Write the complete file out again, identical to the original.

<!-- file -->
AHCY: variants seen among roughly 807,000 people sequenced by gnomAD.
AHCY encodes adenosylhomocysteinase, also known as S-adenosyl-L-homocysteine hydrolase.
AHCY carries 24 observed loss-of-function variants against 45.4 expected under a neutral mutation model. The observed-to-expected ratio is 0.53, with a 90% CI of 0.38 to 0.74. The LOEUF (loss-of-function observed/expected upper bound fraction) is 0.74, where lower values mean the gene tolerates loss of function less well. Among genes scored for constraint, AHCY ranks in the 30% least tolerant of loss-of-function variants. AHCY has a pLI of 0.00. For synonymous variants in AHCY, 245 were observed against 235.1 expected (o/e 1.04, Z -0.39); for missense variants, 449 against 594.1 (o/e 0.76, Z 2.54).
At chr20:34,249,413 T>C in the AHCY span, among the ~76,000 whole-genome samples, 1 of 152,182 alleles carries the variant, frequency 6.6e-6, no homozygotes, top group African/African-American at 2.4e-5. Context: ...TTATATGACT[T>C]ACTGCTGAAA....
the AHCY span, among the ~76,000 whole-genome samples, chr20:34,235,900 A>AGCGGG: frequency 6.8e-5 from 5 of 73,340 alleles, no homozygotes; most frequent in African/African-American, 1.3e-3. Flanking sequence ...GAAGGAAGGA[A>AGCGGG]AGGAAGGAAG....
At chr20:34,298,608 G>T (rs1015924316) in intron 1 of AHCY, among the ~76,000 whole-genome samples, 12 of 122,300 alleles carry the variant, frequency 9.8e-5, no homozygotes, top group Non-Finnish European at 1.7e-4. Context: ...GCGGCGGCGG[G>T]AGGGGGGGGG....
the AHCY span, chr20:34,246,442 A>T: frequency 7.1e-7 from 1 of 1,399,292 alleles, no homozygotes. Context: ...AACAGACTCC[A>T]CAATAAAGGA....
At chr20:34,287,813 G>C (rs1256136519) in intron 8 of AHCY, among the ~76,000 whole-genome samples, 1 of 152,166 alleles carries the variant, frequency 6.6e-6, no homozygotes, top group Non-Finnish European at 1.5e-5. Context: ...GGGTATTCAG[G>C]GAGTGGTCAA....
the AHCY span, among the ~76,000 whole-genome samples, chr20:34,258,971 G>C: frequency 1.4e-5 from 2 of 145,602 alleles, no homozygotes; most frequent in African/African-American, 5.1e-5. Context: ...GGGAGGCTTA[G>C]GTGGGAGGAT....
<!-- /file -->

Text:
AHCY: variants seen among roughly 807,000 people sequenced by gnomAD.
AHCY encodes adenosylhomocysteinase, also known as S-adenosyl-L-homocysteine hydrolase.
AHCY carries 24 observed loss-of-function variants against 45.4 expected under a neutral mutation model. The observed-to-expected ratio is 0.53, with a 90% CI of 0.38 to 0.74. The LOEUF (loss-of-function observed/expected upper bound fraction) is 0.74, where lower values mean the gene tolerates loss of function less well. Among genes scored for constraint, AHCY ranks in the 30% least tolerant of loss-of-function variants. AHCY has a pLI of 0.00. For synonymous variants in AHCY, 245 were observed against 235.1 expected (o/e 1.04, Z -0.39); for missense variants, 449 against 594.1 (o/e 0.76, Z 2.54).
At chr20:34,249,413 T>C in the AHCY span, among the ~76,000 whole-genome samples, 1 of 152,182 alleles carries the variant, frequency 6.6e-6, no homozygotes, top group African/African-American at 2.4e-5. Context: ...TTATATGACT[T>C]ACTGCTGAAA....
the AHCY span, among the ~76,000 whole-genome samples, chr20:34,235,900 A>AGCGGG: frequency 6.8e-5 from 5 of 73,340 alleles, no homozygotes; most frequent in African/African-American, 1.3e-3. Flanking sequence ...GAAGGAAGGA[A>AGCGGG]AGGAAGGAAG....
At chr20:34,298,608 G>T (rs1015924316) in intron 1 of AHCY, among the ~76,000 whole-genome samples, 12 of 122,300 alleles carry the variant, frequency 9.8e-5, no homozygotes, top group Non-Finnish European at 1.7e-4. Context: ...GCGGCGGCGG[G>T]AGGGGGGGGG....
the AHCY span, chr20:34,246,442 A>T: frequency 7.1e-7 from 1 of 1,399,292 alleles, no homozygotes. Context: ...AACAGACTCC[A>T]CAATAAAGGA....
At chr20:34,287,813 G>C (rs1256136519) in intron 8 of AHCY, among the ~76,000 whole-genome samples, 1 of 152,166 alleles carries the variant, frequency 6.6e-6, no homozygotes, top group Non-Finnish European at 1.5e-5. Context: ...GGGTATTCAG[G>C]GAGTGGTCAA....
the AHCY span, among the ~76,000 whole-genome samples, chr20:34,258,971 G>C: frequency 1.4e-5 from 2 of 145,602 alleles, no homozygotes; most frequent in African/African-American, 5.1e-5. Context: ...GGGAGGCTTA[G>C]GTGGGAGGAT....